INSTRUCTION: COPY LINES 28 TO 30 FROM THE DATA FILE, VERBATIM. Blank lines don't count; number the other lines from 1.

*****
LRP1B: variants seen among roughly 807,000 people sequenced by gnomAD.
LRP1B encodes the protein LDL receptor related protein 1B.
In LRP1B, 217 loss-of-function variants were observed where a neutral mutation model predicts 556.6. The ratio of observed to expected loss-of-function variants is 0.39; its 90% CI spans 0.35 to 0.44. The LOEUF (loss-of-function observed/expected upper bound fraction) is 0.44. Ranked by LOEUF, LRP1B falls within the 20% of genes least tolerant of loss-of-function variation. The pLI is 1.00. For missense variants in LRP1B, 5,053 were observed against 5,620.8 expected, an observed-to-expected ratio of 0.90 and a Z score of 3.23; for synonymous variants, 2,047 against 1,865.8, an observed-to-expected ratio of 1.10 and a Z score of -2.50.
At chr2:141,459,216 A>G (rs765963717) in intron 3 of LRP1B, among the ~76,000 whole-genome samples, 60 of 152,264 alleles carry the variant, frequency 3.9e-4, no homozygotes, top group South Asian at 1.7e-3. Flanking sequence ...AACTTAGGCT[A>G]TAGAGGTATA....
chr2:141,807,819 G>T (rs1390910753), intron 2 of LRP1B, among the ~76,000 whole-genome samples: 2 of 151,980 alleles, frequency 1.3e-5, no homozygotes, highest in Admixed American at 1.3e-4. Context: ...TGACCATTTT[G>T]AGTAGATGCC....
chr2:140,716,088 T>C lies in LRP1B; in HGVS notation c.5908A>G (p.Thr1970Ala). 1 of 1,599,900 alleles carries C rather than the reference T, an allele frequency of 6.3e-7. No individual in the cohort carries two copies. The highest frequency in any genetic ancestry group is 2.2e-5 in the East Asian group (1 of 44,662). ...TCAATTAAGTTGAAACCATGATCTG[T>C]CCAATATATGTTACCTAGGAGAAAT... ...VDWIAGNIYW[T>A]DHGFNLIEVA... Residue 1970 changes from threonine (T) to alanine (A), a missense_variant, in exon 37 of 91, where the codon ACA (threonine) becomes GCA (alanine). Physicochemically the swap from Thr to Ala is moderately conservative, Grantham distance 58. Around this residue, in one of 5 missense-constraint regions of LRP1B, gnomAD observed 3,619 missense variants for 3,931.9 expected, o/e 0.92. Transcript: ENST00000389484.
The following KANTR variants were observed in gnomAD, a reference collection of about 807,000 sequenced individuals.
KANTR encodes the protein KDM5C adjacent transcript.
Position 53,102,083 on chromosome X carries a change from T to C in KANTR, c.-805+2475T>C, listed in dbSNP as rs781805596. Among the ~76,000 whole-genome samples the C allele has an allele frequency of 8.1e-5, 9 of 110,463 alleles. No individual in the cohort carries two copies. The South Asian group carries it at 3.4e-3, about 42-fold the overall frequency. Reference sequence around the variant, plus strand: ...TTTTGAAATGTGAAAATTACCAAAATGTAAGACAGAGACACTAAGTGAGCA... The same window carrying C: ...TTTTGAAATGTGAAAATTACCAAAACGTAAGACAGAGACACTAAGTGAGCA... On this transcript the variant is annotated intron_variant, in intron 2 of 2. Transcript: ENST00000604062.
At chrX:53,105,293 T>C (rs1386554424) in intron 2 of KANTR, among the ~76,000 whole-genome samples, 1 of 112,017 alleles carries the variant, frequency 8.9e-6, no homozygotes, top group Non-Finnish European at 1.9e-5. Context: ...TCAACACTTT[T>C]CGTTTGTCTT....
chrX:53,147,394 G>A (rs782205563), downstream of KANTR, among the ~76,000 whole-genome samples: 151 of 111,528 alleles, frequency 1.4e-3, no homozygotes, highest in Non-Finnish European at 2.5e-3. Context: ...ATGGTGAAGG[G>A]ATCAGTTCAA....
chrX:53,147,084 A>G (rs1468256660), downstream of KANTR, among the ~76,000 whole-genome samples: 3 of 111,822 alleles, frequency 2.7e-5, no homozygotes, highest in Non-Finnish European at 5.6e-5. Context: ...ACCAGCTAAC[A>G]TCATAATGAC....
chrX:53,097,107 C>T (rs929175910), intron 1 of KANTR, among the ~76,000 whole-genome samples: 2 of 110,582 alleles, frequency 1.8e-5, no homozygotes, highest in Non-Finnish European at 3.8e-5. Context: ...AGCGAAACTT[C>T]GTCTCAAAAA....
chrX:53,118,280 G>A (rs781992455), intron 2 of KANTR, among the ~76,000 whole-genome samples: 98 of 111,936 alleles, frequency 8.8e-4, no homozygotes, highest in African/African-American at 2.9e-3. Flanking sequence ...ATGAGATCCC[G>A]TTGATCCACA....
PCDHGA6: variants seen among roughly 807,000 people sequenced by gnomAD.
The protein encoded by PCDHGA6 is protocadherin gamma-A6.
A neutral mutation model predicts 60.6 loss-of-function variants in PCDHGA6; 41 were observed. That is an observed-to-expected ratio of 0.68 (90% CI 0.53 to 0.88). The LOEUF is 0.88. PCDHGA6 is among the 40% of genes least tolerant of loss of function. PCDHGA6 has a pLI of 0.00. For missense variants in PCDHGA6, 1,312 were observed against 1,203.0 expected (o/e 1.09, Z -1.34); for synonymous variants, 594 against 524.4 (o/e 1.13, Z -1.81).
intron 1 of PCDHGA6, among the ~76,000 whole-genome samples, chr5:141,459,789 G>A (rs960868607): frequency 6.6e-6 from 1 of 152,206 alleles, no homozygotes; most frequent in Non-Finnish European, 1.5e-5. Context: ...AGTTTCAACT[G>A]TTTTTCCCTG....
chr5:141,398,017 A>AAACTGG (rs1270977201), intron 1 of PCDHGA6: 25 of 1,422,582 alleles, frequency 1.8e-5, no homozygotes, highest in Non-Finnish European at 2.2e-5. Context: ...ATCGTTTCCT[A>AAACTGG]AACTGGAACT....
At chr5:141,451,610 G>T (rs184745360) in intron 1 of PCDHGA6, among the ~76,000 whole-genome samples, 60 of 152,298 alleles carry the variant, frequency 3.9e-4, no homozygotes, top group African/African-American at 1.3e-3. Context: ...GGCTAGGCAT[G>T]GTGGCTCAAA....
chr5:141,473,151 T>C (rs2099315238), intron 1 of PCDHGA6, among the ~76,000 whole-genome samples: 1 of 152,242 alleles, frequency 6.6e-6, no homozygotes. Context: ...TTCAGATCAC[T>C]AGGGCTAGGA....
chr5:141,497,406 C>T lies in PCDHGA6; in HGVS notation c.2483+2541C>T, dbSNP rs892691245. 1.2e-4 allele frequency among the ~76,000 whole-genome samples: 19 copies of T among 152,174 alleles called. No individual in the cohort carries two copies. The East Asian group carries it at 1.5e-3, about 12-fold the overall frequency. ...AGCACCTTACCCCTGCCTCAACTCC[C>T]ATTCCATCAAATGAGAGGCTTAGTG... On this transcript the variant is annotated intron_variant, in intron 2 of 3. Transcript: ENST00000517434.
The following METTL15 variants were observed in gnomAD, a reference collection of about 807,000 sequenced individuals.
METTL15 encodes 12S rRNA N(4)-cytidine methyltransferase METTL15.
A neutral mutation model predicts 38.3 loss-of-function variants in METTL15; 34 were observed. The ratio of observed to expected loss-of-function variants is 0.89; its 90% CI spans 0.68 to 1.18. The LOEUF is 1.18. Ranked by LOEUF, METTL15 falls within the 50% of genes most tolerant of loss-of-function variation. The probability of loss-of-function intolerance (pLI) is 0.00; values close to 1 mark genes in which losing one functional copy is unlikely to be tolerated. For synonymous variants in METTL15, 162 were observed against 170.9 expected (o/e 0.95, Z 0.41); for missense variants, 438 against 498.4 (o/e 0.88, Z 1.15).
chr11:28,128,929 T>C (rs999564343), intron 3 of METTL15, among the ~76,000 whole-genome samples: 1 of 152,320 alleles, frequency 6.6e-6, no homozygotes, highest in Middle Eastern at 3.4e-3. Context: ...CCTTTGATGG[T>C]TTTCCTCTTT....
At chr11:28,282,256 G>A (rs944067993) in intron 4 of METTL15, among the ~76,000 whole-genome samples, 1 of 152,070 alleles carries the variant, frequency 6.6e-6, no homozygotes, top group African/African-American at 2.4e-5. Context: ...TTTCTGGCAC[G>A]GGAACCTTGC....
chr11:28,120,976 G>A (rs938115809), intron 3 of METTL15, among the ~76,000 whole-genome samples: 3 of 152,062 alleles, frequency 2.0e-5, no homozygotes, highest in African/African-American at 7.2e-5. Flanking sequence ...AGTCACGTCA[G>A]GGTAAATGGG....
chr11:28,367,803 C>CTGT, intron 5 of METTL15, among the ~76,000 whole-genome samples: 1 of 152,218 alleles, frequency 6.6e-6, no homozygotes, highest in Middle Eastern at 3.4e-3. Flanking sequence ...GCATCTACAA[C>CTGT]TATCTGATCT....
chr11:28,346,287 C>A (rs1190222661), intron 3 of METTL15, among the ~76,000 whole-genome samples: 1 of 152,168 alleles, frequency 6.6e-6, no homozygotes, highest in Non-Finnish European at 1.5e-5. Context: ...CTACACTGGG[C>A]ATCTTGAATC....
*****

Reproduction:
chr11:28,120,976 G>A (rs938115809), intron 3 of METTL15, among the ~76,000 whole-genome samples: 3 of 152,062 alleles, frequency 2.0e-5, no homozygotes, highest in African/African-American at 7.2e-5. Flanking sequence ...AGTCACGTCA[G>A]GGTAAATGGG....
chr11:28,367,803 C>CTGT, intron 5 of METTL15, among the ~76,000 whole-genome samples: 1 of 152,218 alleles, frequency 6.6e-6, no homozygotes, highest in Middle Eastern at 3.4e-3. Flanking sequence ...GCATCTACAA[C>CTGT]TATCTGATCT....
chr11:28,346,287 C>A (rs1190222661), intron 3 of METTL15, among the ~76,000 whole-genome samples: 1 of 152,168 alleles, frequency 6.6e-6, no homozygotes, highest in Non-Finnish European at 1.5e-5. Context: ...CTACACTGGG[C>A]ATCTTGAATC....